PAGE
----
MAT HOFFMAN IS A PRO BMX RIDER WITH HIS OWN COMPANY, VIDEO GAME AND AGENDA. MAT IS AT THE FOREFRONT OF HIS SPORT AND IS DOING EVERYTHING HE CAN TO KEEP THE SPORT FROM BECOMING ANOTHER SILLY FAD. AND HE'S DOING WELL. HE WAS RECENTLY ONE OF THE MANY ATHLETES INCLUDED IN TONY HAWK'S GIGANTIC SKATEPARK TOUR. THIS WAS A UNIQUE EXPERIENCE FOR EVERYONE INVOLVED BECAUSE THE TOUR TRAVELED ACROSS EUROPE AND THE US AND WAS DOCUMENTED BY ESPN. THE INTERESTING THING ABOUT THIS BROADCAST WILL BE THAT NOT ONLY CAN PEOPLE WATCH THE TOP PROS OF THE INDUSTRY PERFORM, BUT THEY CAN ALSO SEE THE HIJINKS THESE GUYS GET INTO ON THE SIDE. MAT HOFFMAN TOLD US THAT ONE OF HIS FAVORITE MEMORIES OF THE TOUR WAS IN GERMANY WITH TONY HAWK. THE TWO WERE GIVEN A FERRARI AND SET LOOSE ON THE AUTOBAHN. THE CAMERAS WERE ROLLING AS MAT AND TONY FLOORED THE GAS TO SEE JUST HOW FAST A SKATEBOARDER AND BMXER COULD GO. YOU'LL HAVE TO WATCH IT TO LEARN THE ANSWER. BUT BEFORE YOU DO, READ WHAT HAPPENS WHEN A PRO BMX RIDER AND A PROPHET SIT DOWN FOR A CONVERSATION.
neogeo: Do you care if I use the word "gnarly" at some point in this interview? I just really want to see ďgnarlyĒ in print.
Mat: (laughing) Yeah, thatís fine. I use the word ďgnarly,Ē too. But spell-check always says itís spelled wrong.
n: I always thought my brother was the first person to use ďgnarly.Ē I heard him say it and then, like a week later, I heard it all over MTV. That made my brother so cool to me. He was my hero.
M: Your brother is gnarly.
n: Yeah, he is gnarly. So, Mat Hoffman, why do you ride a bike?
M: Itís just a continual challenge for me. Itís a sport but you can adapt the rules to your attitude and personality instead of having to adapt them to the rules. BMX gives you more freedom to do what you want to do. It lets you express yourself. I can come up with weird challenges and then see if I can do it. It keeps me focused.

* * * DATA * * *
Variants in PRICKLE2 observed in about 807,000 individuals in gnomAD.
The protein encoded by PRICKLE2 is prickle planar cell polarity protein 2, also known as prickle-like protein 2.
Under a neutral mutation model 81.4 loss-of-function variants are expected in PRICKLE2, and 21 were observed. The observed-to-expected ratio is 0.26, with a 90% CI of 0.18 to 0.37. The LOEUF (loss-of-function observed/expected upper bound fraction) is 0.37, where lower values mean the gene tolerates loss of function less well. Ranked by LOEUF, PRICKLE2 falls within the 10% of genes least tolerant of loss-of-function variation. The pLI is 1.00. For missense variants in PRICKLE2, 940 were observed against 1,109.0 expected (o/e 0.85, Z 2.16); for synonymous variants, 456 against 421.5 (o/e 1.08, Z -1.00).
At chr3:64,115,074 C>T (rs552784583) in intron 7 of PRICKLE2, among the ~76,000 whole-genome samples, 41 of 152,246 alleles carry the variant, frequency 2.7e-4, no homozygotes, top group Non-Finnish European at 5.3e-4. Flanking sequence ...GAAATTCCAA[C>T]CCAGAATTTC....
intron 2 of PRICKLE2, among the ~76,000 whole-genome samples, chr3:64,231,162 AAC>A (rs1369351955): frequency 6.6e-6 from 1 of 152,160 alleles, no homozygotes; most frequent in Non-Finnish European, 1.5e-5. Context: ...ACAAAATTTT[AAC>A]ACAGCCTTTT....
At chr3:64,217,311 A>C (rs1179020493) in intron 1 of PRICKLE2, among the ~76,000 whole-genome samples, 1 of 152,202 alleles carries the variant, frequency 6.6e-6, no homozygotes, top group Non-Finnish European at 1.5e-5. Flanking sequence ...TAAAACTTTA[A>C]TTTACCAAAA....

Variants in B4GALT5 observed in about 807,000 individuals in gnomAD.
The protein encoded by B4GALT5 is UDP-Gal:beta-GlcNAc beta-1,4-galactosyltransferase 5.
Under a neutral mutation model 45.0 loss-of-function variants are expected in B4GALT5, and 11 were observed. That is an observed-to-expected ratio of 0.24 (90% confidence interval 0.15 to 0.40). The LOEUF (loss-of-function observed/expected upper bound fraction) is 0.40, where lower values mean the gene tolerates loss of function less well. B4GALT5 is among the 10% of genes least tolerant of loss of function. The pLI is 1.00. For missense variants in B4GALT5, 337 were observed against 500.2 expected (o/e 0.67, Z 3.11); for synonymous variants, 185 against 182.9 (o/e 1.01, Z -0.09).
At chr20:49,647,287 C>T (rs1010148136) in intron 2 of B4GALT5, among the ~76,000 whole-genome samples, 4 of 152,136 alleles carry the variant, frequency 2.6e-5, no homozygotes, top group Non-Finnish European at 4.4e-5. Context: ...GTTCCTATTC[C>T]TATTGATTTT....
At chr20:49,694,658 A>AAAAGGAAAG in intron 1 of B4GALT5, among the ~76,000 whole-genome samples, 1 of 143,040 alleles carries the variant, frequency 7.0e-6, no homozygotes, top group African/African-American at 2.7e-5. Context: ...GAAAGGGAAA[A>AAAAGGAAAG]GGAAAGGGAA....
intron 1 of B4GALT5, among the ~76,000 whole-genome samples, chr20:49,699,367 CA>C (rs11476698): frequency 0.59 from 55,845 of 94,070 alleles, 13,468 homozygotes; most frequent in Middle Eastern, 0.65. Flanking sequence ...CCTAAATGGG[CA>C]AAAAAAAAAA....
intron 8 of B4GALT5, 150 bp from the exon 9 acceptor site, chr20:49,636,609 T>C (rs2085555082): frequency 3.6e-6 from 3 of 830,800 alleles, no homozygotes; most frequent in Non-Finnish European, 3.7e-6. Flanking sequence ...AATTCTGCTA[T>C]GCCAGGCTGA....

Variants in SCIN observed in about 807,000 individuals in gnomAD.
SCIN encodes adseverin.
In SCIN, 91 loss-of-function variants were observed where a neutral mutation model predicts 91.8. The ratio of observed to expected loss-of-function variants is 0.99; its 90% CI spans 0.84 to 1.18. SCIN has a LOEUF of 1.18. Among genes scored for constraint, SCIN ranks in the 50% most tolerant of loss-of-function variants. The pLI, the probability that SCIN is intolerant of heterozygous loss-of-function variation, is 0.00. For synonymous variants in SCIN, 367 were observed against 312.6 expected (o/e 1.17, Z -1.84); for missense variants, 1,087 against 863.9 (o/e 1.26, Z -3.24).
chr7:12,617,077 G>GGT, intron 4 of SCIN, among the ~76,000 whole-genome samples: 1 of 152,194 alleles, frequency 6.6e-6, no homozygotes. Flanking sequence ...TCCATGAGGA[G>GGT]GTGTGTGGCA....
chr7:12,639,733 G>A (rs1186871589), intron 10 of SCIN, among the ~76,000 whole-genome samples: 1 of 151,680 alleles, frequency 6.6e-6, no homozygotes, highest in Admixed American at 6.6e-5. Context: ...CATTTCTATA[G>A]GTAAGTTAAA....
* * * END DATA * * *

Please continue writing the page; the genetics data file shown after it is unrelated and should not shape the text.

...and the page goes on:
n: So how did you get started?
M: I used to race motocross and did some cross-country racing. I got more into jumping and doing freestyle. Then I saw this sport that completely revolved around that. So I got a bicycle and just started playing on it from there, trying to figure it out and seeing what was possible on it.
n: How old were you then?
M: I was really young. Ten-years-old.
n: Were your parents supportive of you when you were young?
M: Yeah, they were totally supportive. I was kind of lucky in the sense that they would support me in whatever I did. If I was into it, they were like, ďAll right, cool. Go for it.Ē They were into it. Iím sure it discouraged them a little bit when I would take some slams, but that came with the territory.
n: When you were young, did you ever have names for your bikes?
M: (laughing) Well, I never really had names but, man, I slept with my bike. And Iím serious. I would put it in bed with me and sleep. It was my best friend. But I never had a name for my bike. I think that would make it a little too weird. I could sleep with my bike, but as long as I didnít name it everything was OK.
n: So your bike was everything to you. It became who you are.
M: Yeah, it becomes your life. It becomes your religion. I mean, BMX has taught me everything. I was kicked out of school when I was fifteen but BMX taught me what I could do with life. It showed me how to use my imagination to come up with an idea and how to manifest that into reality. I think those are the basics you really need to know, and bikes taught me that. And so I just applied that into every other aspect of my life and it taught me that I donít have to compromise. If I see it one way, then I do it that way and I donít have to conform to something else that is already established. You can establish your own ideas. Bikes have become not just a lifestyle but everything to me.
n: Itís interesting to me that you feel so much for what you do, and that brings up a point I wanted to talk about. BMX and skateboarding have become such a public thing with events like the X Games. Terms like ďsportĒ and ďathleteĒ are being applied to what you do. But if you look at football or any other organized sport, athletes are judged on stats or how many games theyíve won. How do things like that apply to BMX and skateboarding?